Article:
Have you ever wondered why it’s easier to work with some people more than others, or why you can achieve more with one team than another? The bottom line is that it probably boils down to how you communicate together.
This article isn’t debating one style of communications over another or the need to listen twice as much as you talk – it’s more about creating the story together – so it’s truly shared.
The relationship between storytelling and the pace of change…
Compass Point was created in 2010 as a Joint Venture Shared Service company and has been providing business support services since April 2011. Services include Finance, Human Resources, ICT, Benefits Assessments, Revenue Collection and Customer Services.
It has fast-tracked the consolidation of services, transferred from the two founding authorities, in order to secure the delivery of £6.6m of savings by March 2014, creating shared services operating across the two main council headquarters, 58 miles apart.
This article looks at how creating a story together, the shared narrative, with our teams helped to make collaborative working more productive and more compelling and why shared storytelling by employees affects the pace and effectiveness of change management.
Hearing stories, and telling one’s own story, can motivate people when shared services are created, by helping them to make sense of the new reality.
Today in the digital age everyone’s got a story to share, be it on a blog, via twitter or as a Facebook post; sharing our stories is nothing new – looking back through the ages it’s something we’ve been pretty well-versed at.
Telling a story, weaving a plot line and creating memorable characters – we all enjoy a good story either down the pub or in the movies, so why should change management be any different? Quite simply, it’s not, we all engage emotionally with stories. So how did we harness this in our collaborative working?
We wanted our bosses, team leaders and managers to pitch to us, their view of a positive future in the new service being created. But, we also reserved the right to recount the tale at the water cooler, office kettle or across the dining table and in doing so put our own spin or point of view on the tale.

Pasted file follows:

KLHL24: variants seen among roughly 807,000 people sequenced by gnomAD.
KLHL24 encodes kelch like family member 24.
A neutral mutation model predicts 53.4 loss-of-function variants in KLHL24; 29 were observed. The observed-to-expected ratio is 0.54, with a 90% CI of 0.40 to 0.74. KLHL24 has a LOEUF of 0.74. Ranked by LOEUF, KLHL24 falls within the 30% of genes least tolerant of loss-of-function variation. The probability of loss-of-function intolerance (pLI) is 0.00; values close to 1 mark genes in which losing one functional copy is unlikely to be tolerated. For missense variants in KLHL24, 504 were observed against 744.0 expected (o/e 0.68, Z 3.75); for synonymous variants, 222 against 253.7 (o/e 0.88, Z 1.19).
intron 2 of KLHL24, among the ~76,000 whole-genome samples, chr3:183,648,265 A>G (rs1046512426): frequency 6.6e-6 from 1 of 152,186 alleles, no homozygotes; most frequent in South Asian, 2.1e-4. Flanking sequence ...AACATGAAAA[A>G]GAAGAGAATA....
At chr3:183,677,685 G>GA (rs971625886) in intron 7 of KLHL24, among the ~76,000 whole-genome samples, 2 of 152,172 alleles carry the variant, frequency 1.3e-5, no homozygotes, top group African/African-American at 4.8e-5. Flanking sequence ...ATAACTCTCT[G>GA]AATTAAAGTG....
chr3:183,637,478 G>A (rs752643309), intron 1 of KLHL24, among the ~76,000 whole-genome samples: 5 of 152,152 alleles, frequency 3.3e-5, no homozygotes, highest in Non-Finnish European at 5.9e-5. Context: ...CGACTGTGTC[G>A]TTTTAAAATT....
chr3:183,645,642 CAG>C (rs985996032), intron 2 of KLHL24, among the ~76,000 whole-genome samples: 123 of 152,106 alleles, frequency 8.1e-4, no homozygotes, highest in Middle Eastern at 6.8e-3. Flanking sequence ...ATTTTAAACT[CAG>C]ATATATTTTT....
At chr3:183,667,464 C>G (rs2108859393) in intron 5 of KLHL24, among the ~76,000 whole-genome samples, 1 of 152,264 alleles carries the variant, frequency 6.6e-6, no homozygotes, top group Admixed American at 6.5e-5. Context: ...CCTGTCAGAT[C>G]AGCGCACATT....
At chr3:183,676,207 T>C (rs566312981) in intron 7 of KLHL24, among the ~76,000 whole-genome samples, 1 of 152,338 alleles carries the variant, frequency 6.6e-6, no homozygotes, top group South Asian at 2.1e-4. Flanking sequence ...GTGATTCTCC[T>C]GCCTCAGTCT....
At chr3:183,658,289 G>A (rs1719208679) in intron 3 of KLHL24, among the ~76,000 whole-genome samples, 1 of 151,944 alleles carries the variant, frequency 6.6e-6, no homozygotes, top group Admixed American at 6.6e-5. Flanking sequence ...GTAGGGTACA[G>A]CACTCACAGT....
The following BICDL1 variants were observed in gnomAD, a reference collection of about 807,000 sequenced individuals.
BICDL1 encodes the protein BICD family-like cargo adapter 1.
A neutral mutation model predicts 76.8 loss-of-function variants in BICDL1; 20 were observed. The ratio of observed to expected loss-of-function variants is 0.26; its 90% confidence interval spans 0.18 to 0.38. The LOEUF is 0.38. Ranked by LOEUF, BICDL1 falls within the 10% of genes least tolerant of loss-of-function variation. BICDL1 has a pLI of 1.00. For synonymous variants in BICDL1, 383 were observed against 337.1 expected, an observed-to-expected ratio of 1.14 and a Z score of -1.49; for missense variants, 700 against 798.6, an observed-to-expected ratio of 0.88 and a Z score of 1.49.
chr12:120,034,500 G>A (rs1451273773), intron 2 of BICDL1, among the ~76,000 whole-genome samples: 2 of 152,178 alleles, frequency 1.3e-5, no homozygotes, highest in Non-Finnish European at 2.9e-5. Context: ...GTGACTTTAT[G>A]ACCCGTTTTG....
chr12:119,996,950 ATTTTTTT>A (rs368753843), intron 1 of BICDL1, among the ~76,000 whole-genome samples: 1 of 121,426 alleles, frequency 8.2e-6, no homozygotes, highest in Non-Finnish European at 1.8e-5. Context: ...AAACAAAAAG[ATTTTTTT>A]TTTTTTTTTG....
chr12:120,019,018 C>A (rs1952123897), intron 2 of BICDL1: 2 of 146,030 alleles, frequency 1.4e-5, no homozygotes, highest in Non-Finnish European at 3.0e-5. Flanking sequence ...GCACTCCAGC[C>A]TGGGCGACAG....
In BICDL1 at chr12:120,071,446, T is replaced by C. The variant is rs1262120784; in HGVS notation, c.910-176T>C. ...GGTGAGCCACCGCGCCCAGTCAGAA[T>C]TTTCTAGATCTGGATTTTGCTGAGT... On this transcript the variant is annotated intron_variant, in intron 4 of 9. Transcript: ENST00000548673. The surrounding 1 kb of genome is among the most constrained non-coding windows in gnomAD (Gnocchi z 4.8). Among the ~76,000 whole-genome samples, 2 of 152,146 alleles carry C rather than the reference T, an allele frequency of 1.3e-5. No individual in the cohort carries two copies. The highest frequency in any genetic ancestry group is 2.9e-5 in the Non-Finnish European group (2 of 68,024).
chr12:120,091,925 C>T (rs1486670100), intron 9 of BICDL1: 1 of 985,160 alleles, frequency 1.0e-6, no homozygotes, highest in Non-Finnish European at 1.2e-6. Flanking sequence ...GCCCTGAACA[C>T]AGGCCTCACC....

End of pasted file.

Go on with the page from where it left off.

That’s why the power of shared storytelling is so effective. By building the story together and sharing a ‘team understanding’ it helps to build a compelling platform for change where people realise the potential of working in a different way and the benefit of different perspectives.
Teams who are engaged in creating a shared script, their own shared narrative, are able to achieve more together, because there is a common picture being created. It’s a coherent vision and one that reflects peoples’ ideas and concerns.
The relevance to collaborative working is clear and therefore the practical application of shared storytelling can be useful when bringing different teams and organisations together1.
A guide though, is that when collaborative working takes place you do need to create the space for a two-way dialogue. One which helps employees share their stories and generate a new psychological contract which can embrace the transformational change.
This can be achieved through group dialogue, facilitated and supported to encourage, ‘what-if’ scenarios.
Story-telling and personal narratives are the way in which employees make sense of the change and make it ‘fit’ with their view of reality.
Communications and engagement is crucial to any change management plan. Change agents need to support the organisation’s employees to create their springboard stories for change.
This can be achieved not through a ‘just-tell-em’ approach but by:
- facilitating workshops and discussion groups in forming the new service processes;
- enabling staff to give a name to the new initiative and select its identity and subsequent elements of branding;
- engaging honestly with all employees to create their new reality, the new shared service company or collaborative initiative – enabling leadership collaboratively;
- providing support to team leaders on how to encourage adult-to-adult conversations;
- creating values and symbols that encourage shared storytelling; eg a shared email domain name of the new organisation or logo; and
- developing an on-going transformation programme which encourages emergent change.
Communications should at the very least be memorable and compelling and what better way to do that than to put people at the heart of the issue and create a compelling tale filled with characters, plots, and myths to build a shared storyline?
Change management after all is about people, and people love to talk!